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platitude

[plat-i-tood, -tyood] /ˈplæt ɪˌtud, -ˌtyud/
noun
1.
a flat, dull, or trite remark, especially one uttered as if it were fresh or profound.
2.
the quality or state of being flat, dull, or trite:
the platitude of most political oratory.
Origin of platitude
1805-1815
1805-15; < French: literally, flatness, equivalent to plat flat (see plate1) + -itude, as in French latitude, altitude, magnitude, etc.
Can be confused
platitude, plaudit.
Synonyms
1. cliché, truism.
Dictionary.com Unabridged
Based on the Random House Dictionary, © Random House, Inc. 2017.
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Examples from the Web for platitude
Contemporary Examples
Historical Examples
  • To a Frenchman, everything is a platitude that is not a paradox.

    The Bramleighs Of Bishop's Folly Charles James Lever
  • A platitude that nobody has expressed and that nobody has acted on is a great truth.

    The Ghost in the White House Gerald Stanley Lee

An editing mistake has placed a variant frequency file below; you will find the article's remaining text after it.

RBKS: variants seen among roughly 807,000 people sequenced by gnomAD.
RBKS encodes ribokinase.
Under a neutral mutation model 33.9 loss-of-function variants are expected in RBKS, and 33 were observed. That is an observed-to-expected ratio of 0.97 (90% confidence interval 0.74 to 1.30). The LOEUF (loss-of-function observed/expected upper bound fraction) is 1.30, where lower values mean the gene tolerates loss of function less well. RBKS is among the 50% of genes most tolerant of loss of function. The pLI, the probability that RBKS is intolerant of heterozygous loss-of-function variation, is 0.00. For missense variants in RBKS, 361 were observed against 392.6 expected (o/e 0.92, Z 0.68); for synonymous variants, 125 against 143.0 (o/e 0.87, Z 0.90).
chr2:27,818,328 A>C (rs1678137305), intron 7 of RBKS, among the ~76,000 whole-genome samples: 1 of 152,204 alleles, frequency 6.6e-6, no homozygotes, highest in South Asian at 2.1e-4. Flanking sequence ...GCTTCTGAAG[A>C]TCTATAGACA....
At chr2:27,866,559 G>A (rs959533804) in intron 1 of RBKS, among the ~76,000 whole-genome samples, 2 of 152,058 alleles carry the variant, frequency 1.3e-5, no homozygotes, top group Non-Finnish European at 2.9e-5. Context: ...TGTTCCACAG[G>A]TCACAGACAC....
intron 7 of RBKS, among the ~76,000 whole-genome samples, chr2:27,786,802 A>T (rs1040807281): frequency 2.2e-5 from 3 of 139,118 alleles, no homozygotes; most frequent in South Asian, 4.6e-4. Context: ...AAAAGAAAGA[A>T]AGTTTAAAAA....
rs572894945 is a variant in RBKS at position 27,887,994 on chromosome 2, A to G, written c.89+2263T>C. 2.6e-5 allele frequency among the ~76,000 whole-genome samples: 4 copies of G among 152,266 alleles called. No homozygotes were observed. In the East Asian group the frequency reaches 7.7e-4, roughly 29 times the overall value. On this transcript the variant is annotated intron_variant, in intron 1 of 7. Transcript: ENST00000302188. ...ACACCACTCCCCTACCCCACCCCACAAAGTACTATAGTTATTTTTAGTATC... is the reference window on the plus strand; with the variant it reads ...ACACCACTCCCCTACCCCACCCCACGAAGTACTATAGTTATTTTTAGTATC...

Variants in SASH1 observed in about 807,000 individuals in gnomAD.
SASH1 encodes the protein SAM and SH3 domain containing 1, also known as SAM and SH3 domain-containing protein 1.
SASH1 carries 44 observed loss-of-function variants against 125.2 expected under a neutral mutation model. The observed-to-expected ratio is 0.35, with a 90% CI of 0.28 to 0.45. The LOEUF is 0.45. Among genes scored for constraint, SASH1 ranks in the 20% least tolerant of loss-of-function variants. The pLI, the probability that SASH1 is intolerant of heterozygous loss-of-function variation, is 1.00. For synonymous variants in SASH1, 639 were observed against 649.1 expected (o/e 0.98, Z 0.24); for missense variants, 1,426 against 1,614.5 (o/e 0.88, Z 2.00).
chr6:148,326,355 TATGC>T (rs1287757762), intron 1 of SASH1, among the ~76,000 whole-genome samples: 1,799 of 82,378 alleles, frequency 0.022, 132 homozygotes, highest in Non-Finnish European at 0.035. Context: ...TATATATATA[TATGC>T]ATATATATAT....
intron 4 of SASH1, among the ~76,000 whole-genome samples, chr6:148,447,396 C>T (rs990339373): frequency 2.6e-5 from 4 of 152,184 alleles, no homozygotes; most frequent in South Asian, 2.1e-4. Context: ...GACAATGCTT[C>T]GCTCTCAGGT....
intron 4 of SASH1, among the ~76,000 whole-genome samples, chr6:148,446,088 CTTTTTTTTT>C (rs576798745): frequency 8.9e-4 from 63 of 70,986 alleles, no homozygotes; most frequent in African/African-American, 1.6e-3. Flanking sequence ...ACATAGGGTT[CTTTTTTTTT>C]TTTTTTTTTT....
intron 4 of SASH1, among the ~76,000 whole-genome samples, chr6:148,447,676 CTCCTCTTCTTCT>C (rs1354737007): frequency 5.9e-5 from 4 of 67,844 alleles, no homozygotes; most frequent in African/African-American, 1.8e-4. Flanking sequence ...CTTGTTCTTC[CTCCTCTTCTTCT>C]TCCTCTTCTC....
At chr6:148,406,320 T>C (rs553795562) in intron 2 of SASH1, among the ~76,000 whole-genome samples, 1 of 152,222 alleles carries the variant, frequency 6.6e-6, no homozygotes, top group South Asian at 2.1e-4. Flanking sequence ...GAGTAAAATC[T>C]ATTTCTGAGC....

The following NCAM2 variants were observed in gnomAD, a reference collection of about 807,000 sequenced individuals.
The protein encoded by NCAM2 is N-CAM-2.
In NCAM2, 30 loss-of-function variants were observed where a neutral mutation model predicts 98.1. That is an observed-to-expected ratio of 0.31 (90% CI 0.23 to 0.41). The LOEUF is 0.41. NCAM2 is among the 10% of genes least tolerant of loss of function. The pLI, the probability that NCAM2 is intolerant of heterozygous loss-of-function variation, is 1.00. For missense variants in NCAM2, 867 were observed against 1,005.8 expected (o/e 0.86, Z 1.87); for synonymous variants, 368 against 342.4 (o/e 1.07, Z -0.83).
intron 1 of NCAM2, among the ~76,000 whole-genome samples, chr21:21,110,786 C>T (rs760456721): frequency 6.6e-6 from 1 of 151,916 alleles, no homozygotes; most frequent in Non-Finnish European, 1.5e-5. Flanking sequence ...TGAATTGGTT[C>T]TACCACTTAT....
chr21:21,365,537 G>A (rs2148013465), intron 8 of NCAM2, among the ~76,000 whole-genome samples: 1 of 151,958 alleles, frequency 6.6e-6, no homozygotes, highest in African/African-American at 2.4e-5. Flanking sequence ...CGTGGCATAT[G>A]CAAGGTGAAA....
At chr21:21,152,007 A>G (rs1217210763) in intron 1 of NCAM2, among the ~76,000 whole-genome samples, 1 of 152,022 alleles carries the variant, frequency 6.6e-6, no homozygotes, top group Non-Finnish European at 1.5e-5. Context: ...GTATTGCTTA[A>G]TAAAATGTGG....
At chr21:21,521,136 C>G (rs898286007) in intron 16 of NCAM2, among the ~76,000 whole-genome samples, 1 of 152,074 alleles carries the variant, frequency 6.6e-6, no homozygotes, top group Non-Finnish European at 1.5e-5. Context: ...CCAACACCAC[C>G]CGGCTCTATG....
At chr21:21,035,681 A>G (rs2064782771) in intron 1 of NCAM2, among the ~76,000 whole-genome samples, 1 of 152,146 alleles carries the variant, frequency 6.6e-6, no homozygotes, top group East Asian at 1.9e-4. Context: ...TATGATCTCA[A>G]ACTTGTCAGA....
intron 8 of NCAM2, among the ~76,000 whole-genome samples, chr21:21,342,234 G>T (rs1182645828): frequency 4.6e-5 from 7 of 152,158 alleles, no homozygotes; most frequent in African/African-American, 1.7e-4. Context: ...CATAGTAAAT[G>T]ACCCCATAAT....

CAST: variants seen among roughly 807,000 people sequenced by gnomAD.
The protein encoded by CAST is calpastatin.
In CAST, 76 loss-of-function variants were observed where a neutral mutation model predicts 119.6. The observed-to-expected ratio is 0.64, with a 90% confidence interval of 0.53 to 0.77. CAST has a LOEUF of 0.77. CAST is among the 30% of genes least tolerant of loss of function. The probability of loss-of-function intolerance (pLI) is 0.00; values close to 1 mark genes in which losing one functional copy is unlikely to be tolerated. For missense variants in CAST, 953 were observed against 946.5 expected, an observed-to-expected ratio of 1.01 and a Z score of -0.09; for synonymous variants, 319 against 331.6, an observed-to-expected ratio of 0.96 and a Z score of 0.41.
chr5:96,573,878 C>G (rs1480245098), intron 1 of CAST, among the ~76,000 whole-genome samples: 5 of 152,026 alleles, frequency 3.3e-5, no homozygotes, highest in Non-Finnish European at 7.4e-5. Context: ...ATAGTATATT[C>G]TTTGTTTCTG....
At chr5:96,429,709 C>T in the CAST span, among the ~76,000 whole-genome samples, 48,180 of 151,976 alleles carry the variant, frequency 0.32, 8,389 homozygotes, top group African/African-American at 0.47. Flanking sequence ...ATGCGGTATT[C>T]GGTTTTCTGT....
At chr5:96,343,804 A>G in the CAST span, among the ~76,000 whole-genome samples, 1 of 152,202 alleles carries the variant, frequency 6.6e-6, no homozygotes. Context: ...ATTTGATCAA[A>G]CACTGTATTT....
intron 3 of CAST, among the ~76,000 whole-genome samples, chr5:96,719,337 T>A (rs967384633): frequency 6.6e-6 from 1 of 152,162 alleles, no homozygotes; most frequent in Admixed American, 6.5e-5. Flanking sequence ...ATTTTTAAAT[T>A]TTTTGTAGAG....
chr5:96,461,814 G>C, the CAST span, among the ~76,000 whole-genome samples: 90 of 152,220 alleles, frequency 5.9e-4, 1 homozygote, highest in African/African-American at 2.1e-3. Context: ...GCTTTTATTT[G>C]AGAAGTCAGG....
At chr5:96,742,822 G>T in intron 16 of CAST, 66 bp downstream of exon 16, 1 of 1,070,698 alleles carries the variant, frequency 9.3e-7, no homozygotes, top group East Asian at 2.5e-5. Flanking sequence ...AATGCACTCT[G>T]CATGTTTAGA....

• It is tolerated to-day for no other reason than that it has cornered the platitude market.

    Erik Dorn

    Ben Hecht
  • When I awoke from my reverie the Reverend Mr. platitude was quitting the apartment.

    Lavengro George Borrow
  • Mr. platitude was filled with wrath, and abused Dissenters in most unmeasured terms.

    Lavengro George Borrow
  • I speak advisedly,” said he, in continuation, “there is one platitude.

    Lavengro George Borrow
  • I wanted to quote that Latin platitude about who watches the watchers.

    Highways in Hiding George Oliver Smith
British Dictionary definitions for platitude

platitude

/ˈplætɪˌtjuːd/
noun
1.
a trite, dull, or obvious remark or statement; a commonplace
2.
staleness or insipidity of thought or language; triteness
Derived Forms
platitudinous, adjective
Word Origin
C19: from French, literally: flatness, from plat flat
Collins English Dictionary - Complete & Unabridged 2012 Digital Edition
© William Collins Sons & Co. Ltd. 1979, 1986 © HarperCollins
Publishers 1998, 2000, 2003, 2005, 2006, 2007, 2009, 2012
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Word Origin and History for platitude
n.

1812, "dullness," from French platitude "flatness, vapidness" (late 17c.), from Old French plat "flat" (see plateau (n.)); formed on analogy of latitude, etc. Meaning "a flat, dull, or commonplace remark" is recorded from 1815. Related: Platitudinous. Hence platitudinarian (n.), 1855; platitudinize (1867).

Online Etymology Dictionary, © 2010 Douglas Harper
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12
15
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